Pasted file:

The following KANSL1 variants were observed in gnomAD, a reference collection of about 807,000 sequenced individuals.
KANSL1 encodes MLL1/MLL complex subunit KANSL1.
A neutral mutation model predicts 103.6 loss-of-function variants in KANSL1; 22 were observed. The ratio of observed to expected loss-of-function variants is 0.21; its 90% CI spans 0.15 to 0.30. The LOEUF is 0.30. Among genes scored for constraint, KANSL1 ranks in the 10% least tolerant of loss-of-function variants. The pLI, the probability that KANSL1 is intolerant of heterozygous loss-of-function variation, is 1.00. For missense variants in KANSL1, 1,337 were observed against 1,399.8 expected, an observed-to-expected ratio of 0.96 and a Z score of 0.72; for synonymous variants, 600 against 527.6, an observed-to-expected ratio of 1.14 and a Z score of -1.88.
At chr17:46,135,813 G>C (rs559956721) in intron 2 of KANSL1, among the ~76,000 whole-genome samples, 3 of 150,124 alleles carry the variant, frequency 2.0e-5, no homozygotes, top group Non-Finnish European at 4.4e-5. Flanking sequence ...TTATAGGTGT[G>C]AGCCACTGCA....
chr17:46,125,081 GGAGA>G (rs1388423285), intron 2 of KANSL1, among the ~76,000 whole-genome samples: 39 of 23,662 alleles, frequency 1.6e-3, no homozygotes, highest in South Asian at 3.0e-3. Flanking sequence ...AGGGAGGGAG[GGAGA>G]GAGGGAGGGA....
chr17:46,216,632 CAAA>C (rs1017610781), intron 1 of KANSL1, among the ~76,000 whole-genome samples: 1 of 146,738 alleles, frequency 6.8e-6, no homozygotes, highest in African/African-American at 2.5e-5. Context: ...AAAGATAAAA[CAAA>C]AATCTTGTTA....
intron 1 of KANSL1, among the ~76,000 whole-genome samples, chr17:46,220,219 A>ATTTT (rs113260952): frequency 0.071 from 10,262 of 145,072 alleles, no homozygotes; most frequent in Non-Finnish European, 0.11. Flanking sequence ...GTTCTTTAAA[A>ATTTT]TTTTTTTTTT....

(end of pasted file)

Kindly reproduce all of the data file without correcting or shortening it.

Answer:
The following KANSL1 variants were observed in gnomAD, a reference collection of about 807,000 sequenced individuals.
KANSL1 encodes MLL1/MLL complex subunit KANSL1.
A neutral mutation model predicts 103.6 loss-of-function variants in KANSL1; 22 were observed. The ratio of observed to expected loss-of-function variants is 0.21; its 90% CI spans 0.15 to 0.30. The LOEUF is 0.30. Among genes scored for constraint, KANSL1 ranks in the 10% least tolerant of loss-of-function variants. The pLI, the probability that KANSL1 is intolerant of heterozygous loss-of-function variation, is 1.00. For missense variants in KANSL1, 1,337 were observed against 1,399.8 expected, an observed-to-expected ratio of 0.96 and a Z score of 0.72; for synonymous variants, 600 against 527.6, an observed-to-expected ratio of 1.14 and a Z score of -1.88.
At chr17:46,135,813 G>C (rs559956721) in intron 2 of KANSL1, among the ~76,000 whole-genome samples, 3 of 150,124 alleles carry the variant, frequency 2.0e-5, no homozygotes, top group Non-Finnish European at 4.4e-5. Flanking sequence ...TTATAGGTGT[G>C]AGCCACTGCA....
chr17:46,125,081 GGAGA>G (rs1388423285), intron 2 of KANSL1, among the ~76,000 whole-genome samples: 39 of 23,662 alleles, frequency 1.6e-3, no homozygotes, highest in South Asian at 3.0e-3. Flanking sequence ...AGGGAGGGAG[GGAGA>G]GAGGGAGGGA....
chr17:46,216,632 CAAA>C (rs1017610781), intron 1 of KANSL1, among the ~76,000 whole-genome samples: 1 of 146,738 alleles, frequency 6.8e-6, no homozygotes, highest in African/African-American at 2.5e-5. Context: ...AAAGATAAAA[CAAA>C]AATCTTGTTA....
intron 1 of KANSL1, among the ~76,000 whole-genome samples, chr17:46,220,219 A>ATTTT (rs113260952): frequency 0.071 from 10,262 of 145,072 alleles, no homozygotes; most frequent in Non-Finnish European, 0.11. Flanking sequence ...GTTCTTTAAA[A>ATTTT]TTTTTTTTTT....